Montreal is a city of ghosts. Usually when I tell people this, I’m bitterly referring to the fact that while I was living abroad for over a decade, most of my Montreal friends went and moved away  — or, even worse — grew up. After recently participating in the online version of the Haunted Montreal tour, I learned that Montreal is indeed a city of ghosts, but in the more literal sense.

Due to the latest round of COVID-19 red zone lockdown measures (Tabarnak!), the always-popular Haunted Montreal ghost tours have been, like much of our 2020 lives, relegated to purgatory of Zoom video-conferencing.

The tour started with Donovan King, founder of Haunted Montreal, standing in front of a green screen that at first cycled through campy Halloween backdrops.

As the presentation got rolling, King presented an introduction of Montreal’s early founding and colonial history, and why that has perhaps led to our humble island home being such a haunted place.

The bulk of the hour-long presentation involved King recounting four vignettes about Montreal’s haunted past, illustrated by historical images on the green screen behind him. The four tales were drawn from a mixture of the various in-person tours usually offered by Haunted Montreal: Haunted Downtown, Haunted Mountain, Haunted Griffintown, paranormal investigations of local haunted sites, and the always-popular Haunted Pub Crawl.

Being a history nerd, I appreciated learning about these macabre Montreal legends, most of which I had not heard before. These stories were in steady hands with Donovan King, who is a seasoned storyteller.

King’s background in both acting and history makes him the ideal vessel to disseminate these creepy snippets of Montreal lore. His delivery was part authoritative history professor and part P.T. Barnum, complete with makeshift sound effects and even a minor jump scare or two.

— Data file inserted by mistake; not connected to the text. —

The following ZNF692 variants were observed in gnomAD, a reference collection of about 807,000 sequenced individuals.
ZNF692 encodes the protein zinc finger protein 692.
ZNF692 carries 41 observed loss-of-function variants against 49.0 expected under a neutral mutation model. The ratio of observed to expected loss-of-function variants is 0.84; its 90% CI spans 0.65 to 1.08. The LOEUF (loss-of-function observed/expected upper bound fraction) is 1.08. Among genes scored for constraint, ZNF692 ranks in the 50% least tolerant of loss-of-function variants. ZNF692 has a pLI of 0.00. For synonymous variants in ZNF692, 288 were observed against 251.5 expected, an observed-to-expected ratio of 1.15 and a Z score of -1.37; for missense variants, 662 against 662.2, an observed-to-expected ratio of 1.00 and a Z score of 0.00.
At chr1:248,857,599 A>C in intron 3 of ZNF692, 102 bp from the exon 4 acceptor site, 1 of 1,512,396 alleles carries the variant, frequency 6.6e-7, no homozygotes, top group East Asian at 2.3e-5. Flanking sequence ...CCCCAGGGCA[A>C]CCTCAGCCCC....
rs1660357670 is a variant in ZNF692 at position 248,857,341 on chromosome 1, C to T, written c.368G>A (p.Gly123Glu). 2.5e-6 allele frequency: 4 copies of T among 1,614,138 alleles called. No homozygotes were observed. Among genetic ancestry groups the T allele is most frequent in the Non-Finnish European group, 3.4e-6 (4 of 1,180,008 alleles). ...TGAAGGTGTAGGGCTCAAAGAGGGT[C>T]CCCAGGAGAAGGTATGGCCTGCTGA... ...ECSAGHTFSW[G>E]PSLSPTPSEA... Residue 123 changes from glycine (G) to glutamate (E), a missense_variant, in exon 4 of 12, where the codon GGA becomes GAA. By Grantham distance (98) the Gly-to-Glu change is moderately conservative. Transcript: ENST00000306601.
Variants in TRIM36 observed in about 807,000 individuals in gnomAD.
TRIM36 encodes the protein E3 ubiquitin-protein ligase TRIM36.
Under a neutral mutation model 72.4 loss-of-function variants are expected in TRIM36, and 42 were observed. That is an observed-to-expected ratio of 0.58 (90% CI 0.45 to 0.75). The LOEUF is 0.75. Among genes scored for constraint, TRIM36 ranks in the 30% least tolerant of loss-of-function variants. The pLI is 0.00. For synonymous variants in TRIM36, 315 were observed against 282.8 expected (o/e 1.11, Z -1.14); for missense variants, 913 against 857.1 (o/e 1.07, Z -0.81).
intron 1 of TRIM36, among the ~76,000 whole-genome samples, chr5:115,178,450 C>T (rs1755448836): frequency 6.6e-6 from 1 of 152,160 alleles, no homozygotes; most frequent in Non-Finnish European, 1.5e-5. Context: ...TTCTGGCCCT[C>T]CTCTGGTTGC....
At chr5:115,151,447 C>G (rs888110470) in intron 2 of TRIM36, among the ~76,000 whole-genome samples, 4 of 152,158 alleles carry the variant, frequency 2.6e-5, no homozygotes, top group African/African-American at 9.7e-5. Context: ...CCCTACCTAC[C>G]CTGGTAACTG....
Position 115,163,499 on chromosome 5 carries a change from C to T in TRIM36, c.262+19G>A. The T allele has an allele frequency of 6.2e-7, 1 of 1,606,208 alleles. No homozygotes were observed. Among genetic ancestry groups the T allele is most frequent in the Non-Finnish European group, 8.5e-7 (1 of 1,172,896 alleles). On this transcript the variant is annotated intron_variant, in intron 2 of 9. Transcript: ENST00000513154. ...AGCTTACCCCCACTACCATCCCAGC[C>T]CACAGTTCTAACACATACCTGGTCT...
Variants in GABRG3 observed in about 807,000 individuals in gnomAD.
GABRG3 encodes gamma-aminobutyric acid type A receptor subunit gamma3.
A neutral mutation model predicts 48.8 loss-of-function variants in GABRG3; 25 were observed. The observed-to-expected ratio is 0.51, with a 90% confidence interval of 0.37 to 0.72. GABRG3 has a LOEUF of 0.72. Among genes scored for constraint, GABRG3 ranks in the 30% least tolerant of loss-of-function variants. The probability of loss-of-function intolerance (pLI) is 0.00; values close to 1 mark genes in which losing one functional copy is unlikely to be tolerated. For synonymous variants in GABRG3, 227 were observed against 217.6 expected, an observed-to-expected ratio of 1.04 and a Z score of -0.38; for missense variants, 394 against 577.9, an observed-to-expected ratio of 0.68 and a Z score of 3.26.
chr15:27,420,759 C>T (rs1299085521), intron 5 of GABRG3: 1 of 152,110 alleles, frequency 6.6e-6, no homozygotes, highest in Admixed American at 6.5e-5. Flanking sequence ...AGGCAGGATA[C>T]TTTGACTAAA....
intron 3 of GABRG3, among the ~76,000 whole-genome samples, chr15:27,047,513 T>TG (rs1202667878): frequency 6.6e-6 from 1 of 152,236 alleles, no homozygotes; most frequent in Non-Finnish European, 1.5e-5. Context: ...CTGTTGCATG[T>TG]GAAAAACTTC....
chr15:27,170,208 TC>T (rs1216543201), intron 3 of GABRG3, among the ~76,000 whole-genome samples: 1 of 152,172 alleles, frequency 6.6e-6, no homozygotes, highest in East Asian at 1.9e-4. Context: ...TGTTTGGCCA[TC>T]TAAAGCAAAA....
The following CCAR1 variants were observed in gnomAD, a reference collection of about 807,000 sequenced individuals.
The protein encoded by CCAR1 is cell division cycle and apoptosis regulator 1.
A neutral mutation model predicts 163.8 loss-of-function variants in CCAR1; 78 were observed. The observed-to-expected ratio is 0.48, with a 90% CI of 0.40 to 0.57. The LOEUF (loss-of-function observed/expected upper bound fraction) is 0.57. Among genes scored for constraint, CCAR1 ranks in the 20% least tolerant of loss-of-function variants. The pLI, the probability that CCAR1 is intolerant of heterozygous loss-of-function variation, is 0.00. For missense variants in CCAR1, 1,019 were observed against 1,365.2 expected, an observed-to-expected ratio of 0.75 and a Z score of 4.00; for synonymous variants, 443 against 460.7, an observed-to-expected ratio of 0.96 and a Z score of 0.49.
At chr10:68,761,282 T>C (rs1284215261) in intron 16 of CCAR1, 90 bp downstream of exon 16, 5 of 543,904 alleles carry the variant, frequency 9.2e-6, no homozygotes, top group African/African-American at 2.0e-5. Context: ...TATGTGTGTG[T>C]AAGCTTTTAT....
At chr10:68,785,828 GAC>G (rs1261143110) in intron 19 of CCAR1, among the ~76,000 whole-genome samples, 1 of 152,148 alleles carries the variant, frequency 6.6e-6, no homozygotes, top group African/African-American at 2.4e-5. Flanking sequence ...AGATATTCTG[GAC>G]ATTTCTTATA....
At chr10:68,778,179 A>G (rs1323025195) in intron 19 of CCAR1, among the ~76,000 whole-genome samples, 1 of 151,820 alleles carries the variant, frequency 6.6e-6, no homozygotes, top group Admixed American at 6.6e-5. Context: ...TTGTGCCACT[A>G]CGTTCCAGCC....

The tales included that of the ill-fated tale of Simon McTavish, and how his death led to sightings of cadavers tobogganing down the slopes of 1820’s Mount Royal. King went on to detail how much of Montreal’s shiny downtown was built on burial sites — both Native American and early European, as well as mass burial pits from Cholera outbreaks in the 1800s. A thumbnail sketch of Montreal’s cemeteries was also full of welcome factoids.

The climax of the presentation came with a recounting of the tragic story of Headless Mary Gallagher. The murdered prostitute is said to still haunt a certain intersection in Griffintown on the anniversary of her grisly death, every seven years.

The online Haunted Montreal Ghost tours will be running all winter long, with a special presentation being held on Halloween night at 7pm. Regularly updated stories about Montreal’s creepy past can also be found on the Haunted Montreal blog. I look forward to participating in tours led by some of the other talented Haunted Montreal presenters.

Oh…an odd thing happened just after the tour (Insert X-files theme whistle here). I closed my laptop and sat on a couch in the basement of a 100-year-old NDG house, listening to the radio and taking notes on the tour.

Suddenly, I heard static, and an old rock song from the 1960s replaced the newscast I had been listening to — the radio changed channels all on its own — which is something it has never done before. I experienced full-body goosebumps, turned off the radio, and ran upstairs like a terrified five-year-old.